'Innocent until proven guilty' is an absolute maxim of British life. As such all accusations against John Terry after he was charged with a racially aggravated public order offence of a racist slur made towards Queens Park Rangers defender Anton Ferdinand must remain alleged until he has been through the due process of the law. However, with the media circus about to engulf this case we are reminded that all leaders must command the respect and confidence of all around them. Once either or both of these are lost, their very leadership, in John Terry's case the captaincy of the England football team, must be brought into question.
Leaders must possess an attribute over and above the people that they seek to lead. In organisations and communities this characteristic may vary. In academia it may be papers written or grants awarded; in business it may be wealth; in social circles it may be networks. In the football dressing room the key attributes for leadership will be the best player, the oldest player or the player with the most caps. One and the same player may have all three qualities and more often than not it will be the team captain.
Most importantly, what links leadership in all fields together, is that the sound judgement of the leader is trusted. When they speak others around them are inspired, and their team mates and peers respect their opinion even if they don't always agree. They are able to keep their head 'when all about you are losing theirs' and are able to act as an ambassador for their country with pride on the global stage. John Terry may well be found not guilty in his legal troubles, but nevertheless, he no longer has the distinguishing qualities required to be captain of the England football team.
Last February John Terry was stripped of the captaincy following newspaper allegations surrounding his private life. Undoubtedly this had a negative impact on England in the run up to the World Cup 2010. This latest incident creates controversy for him again in the run up to a major tournament - a distraction England can ill afford. Certainly, the allegations of misdeameanour dogging Terry for a second time suggest a pattern of behaviour that shows a lack of respect for the honour of the England captaincy.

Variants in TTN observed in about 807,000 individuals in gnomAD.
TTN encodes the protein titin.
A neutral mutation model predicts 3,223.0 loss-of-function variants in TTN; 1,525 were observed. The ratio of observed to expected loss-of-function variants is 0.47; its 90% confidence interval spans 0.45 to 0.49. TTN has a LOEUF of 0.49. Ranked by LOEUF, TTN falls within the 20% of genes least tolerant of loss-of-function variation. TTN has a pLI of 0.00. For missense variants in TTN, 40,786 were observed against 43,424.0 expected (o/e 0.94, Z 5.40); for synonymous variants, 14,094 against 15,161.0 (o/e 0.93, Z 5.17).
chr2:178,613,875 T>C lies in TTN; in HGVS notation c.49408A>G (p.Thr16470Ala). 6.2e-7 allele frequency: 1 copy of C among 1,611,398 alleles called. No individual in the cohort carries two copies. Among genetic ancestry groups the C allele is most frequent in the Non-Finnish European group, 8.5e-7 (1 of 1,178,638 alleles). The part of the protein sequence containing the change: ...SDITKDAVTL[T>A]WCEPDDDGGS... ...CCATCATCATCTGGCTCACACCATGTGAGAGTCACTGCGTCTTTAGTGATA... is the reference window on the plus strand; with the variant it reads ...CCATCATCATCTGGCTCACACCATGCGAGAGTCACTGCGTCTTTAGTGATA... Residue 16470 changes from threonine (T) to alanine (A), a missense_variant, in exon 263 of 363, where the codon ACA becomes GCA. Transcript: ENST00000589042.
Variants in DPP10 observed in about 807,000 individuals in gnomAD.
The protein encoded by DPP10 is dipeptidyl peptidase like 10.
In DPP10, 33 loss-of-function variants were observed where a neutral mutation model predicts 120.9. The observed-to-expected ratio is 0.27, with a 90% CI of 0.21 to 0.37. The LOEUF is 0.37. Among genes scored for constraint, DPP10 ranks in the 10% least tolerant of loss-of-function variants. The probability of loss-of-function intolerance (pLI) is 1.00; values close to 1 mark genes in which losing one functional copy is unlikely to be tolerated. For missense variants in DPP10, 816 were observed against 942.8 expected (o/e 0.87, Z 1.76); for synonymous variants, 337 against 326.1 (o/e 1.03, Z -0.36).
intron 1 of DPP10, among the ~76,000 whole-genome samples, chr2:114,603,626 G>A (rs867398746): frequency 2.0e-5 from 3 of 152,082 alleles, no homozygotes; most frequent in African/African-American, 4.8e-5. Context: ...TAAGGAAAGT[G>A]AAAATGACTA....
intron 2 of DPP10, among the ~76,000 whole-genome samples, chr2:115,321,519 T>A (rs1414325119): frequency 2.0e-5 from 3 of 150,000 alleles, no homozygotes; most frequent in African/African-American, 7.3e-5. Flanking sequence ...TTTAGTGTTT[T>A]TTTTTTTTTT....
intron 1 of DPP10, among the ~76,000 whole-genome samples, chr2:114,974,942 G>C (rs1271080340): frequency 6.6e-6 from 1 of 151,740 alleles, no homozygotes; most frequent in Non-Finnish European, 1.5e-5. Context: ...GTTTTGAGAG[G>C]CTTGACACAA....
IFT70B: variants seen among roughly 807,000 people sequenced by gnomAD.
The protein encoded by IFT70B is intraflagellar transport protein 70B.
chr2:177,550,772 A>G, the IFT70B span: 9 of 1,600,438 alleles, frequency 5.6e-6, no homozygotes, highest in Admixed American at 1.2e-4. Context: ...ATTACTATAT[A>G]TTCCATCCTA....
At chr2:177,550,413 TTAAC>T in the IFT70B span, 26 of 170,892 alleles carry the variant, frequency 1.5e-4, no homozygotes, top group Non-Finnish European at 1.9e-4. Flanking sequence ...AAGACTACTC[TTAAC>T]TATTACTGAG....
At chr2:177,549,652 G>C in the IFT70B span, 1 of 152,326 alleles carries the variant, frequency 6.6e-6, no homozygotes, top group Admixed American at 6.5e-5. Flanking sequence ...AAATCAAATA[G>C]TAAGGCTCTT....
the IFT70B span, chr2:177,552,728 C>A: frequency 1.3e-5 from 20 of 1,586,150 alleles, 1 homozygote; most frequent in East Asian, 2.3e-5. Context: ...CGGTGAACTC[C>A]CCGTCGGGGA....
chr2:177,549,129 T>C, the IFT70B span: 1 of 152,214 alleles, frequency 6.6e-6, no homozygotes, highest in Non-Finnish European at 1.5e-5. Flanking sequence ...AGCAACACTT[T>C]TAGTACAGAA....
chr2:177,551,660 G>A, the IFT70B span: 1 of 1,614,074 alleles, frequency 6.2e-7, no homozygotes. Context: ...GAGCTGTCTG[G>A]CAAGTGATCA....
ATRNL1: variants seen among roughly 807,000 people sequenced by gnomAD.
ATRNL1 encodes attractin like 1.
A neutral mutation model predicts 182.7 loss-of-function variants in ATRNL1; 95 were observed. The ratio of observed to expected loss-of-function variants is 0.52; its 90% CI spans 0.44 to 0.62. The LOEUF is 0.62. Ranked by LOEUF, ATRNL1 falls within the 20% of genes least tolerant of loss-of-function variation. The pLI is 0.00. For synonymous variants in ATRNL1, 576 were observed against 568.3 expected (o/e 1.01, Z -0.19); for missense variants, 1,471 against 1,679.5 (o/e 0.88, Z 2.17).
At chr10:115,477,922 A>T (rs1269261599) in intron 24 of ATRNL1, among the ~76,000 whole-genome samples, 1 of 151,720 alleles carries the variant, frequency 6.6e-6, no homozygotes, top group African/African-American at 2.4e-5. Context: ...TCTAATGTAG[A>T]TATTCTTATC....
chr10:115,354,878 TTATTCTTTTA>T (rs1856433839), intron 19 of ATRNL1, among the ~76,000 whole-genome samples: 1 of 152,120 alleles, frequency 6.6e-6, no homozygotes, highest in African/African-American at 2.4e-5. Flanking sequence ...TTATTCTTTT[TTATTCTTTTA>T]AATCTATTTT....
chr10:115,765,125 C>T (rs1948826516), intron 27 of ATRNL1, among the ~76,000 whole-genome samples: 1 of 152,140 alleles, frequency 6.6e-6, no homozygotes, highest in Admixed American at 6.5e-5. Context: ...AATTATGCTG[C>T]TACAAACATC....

Furthermore, the Football Association has been put in an impossible situation. Firstly, is the realisation that this issue could overshadow England's preparation for Euro 2012 including the friendly against Holland in February, the same month as Terry's preliminary hearing. Secondly, given the FA's firm stance against Sepp Blatter's derisory and condescending remarks on racism in football, a lack of action against John Terry may make them appear hypocritical.
Terry has also lost the confidence of the Lord Herman Ouseley, the chairman of the anti-racism campaign Kick It Out who said 'there is an issue of the morality, of the leadership, the standard we set, the ethics for football'. Lord Ouseley also criticised Chelsea for offering "blanket support" to Terry. Umbro, the national team kit manufacturers have used a picture of an England team led by Steven Gerrard and not Terry on their official website. The spectacle around this story only worsens with the Daily Mail's ludicrous headline 'The picture that shows the caring side of John Terry as he poses in Hamleys with a black baby'.
The England captain must have a formidable reputation and their integrity must be beyond reproach. They must give confidence to all stakeholders and inspire the England squad including the Ferdinand brothers Rio and Anton (if he were to be selected). The possibility of continous and disruptive negative headlines must have serious implications over John Terry's future captaincy of England. Fabio Capello must use his own sound judgement to do what he has had to do once before and relieve Terry of the England captaincy.
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